Our Journey Into Minimalism, Part 2 – Our Bedroom and Living Room

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Our bedroom – post minimization.

In our quest to minimize our household (as detailed here in a previous post), we decided to take a room-by-room approach, starting with our bedroom. This is logical for two main reasons; first, it’s the furthest room back, bordering our backyard, so initiating our house purge here and working forward is a great plan of attack. Second, with both of us susceptible to allergies – Alicia especially – doing a major cleaning and paring of dust collecting items in the room we spend almost one third of our lives in is good from a health perspective. As an aside, our bedroom had become a collection point for dozens, if not hundreds, of small memorabilia items ranging from buttons of our son in his Little League Baseball days, Burning Man schwag, no longer worn jewelry, piles of paper, old clothing, and unused fixtures. Continue reading

Refreshing: Grapefruit Honey Ginger Soda

Though it may be chilly outside, I think the beginning of the year is an excellent time for a glass of homemade grapefruit ginger soda. I came up with this recipe when my partner swore off commercial soda, and after months of holiday indulgence, the light and tangy fizz is most welcome. The soda is sweetened with honey, not sugar, and the ginger provides a note of warmth for winter.

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Five Great Movies You (Probably) Haven’t Seen

Looking for an alternative movie to watch in 2014? Here are a few of our favorite under-the-radar films from the last couple years. All are available for free or low rental fees on either Amazon Prime and Netflix.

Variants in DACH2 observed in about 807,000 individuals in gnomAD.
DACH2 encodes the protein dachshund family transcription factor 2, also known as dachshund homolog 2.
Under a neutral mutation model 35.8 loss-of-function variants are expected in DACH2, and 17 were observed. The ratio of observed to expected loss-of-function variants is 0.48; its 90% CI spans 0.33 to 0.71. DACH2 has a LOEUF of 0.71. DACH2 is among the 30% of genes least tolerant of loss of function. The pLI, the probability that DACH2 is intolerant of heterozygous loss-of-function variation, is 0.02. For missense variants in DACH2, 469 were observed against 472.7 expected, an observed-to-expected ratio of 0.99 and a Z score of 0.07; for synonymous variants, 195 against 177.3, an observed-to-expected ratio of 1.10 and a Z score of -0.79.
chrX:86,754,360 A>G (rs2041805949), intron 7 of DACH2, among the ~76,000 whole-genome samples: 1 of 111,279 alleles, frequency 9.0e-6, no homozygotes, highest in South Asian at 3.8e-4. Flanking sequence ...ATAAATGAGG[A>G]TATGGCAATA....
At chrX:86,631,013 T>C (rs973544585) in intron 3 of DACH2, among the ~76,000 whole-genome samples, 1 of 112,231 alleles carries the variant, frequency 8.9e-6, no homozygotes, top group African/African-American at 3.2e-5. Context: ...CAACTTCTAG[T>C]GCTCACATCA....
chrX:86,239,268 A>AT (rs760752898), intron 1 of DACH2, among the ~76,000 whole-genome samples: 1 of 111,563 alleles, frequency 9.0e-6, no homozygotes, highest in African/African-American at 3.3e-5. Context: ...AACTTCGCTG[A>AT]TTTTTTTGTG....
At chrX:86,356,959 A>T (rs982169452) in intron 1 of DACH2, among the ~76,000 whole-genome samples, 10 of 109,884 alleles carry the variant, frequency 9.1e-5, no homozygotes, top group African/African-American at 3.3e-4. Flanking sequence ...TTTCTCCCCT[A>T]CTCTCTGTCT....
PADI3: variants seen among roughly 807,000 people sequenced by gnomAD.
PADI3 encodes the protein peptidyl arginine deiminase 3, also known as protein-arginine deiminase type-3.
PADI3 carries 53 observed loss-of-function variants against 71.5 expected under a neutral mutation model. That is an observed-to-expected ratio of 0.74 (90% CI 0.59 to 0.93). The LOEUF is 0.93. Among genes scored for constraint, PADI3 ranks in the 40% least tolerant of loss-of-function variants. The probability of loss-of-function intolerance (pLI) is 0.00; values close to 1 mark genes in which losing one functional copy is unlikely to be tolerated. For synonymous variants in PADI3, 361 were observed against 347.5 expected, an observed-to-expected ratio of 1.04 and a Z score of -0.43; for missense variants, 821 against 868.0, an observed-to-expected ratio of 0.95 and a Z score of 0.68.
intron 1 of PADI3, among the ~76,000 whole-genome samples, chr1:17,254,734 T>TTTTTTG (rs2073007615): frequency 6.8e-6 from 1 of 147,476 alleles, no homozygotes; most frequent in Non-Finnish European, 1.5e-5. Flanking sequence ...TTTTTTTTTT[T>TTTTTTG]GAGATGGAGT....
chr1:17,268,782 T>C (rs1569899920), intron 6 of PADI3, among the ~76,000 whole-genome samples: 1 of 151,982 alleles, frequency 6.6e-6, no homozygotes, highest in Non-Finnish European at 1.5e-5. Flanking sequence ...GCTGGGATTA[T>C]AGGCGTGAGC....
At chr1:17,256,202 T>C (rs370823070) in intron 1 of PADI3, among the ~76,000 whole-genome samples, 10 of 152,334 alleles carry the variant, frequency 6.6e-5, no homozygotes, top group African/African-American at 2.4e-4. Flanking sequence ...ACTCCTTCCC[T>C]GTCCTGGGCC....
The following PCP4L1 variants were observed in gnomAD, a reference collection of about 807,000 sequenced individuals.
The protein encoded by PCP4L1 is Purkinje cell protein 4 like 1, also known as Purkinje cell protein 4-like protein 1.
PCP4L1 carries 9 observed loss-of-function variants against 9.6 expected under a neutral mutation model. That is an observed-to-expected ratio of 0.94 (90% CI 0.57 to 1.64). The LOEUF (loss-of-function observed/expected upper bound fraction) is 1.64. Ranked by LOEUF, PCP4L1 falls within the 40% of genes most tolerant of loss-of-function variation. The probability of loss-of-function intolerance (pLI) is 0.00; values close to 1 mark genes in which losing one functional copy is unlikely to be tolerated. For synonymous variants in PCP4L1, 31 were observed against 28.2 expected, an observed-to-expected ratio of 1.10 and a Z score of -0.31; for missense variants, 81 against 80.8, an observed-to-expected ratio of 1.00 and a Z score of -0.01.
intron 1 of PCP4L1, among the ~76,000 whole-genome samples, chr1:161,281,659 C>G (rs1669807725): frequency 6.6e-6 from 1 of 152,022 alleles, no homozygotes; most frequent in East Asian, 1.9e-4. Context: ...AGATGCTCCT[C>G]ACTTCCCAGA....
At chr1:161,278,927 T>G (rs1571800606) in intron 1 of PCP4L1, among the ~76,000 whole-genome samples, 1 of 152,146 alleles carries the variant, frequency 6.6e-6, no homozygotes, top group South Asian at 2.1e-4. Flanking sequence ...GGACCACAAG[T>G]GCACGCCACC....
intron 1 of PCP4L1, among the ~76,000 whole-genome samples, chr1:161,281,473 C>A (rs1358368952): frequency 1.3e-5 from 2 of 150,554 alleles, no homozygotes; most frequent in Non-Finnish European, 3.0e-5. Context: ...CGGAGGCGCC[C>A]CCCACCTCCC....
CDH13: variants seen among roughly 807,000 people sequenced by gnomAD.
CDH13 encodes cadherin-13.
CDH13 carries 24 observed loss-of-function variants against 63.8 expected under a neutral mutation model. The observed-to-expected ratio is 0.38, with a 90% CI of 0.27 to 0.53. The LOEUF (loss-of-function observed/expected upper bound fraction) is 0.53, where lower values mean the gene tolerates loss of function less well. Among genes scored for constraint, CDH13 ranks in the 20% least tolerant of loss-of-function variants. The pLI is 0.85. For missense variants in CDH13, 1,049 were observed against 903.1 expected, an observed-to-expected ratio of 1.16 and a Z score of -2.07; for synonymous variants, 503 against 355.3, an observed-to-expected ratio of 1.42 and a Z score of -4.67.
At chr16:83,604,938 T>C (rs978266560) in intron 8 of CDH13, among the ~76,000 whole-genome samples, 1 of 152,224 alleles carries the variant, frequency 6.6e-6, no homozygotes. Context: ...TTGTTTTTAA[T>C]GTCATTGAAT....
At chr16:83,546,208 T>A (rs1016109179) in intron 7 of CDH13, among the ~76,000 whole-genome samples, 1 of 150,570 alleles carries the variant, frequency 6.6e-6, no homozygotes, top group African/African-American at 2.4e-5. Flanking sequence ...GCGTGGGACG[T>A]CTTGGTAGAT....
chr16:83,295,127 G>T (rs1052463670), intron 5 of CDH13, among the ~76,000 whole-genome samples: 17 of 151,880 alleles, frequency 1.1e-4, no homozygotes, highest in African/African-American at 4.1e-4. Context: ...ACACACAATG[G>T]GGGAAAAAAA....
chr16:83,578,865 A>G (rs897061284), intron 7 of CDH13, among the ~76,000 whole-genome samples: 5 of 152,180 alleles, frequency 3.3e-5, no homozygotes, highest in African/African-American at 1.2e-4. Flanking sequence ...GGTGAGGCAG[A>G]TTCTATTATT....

1. Monsters

After a NASA deep space probe returns from a mission and crash lands in Mexico, strange (and giant) life forms start propagating all over the country, causing the borders to be closed and its inhabitants to be quarantined from the rest of the world. The only way in and out of Mexico are by exorbitantly priced, infrequent water ferries that only run for six months out of the year. Enter two individuals, Samantha and Andrew, who (through a series of unfortunate incidents) miss their boat and are forced to hitchhike up the middle of the Mexican countryside to the Texas border (sound familiar), trying all the way to avoid the giant alien creatures blocking their path. Continue reading

Paring Down… Our Journey Toward Minimalism


One of the main goals of Our Urban Farm – in its reality – is to live as naturally and holistically as possible within the framework of our busy metropolitan surroundings. As such, and in keeping with our action-oriented plans on installing vegetable garden boxes, rainwater catchment containers, and drought tolerant landscaping, we’ve now begun the process of minimizing our material possessions in anticipation of a serious life change coming up in three years. Continue reading

1964 Aristocrat Lo-Liner Restoration – Parts 3,4, and 5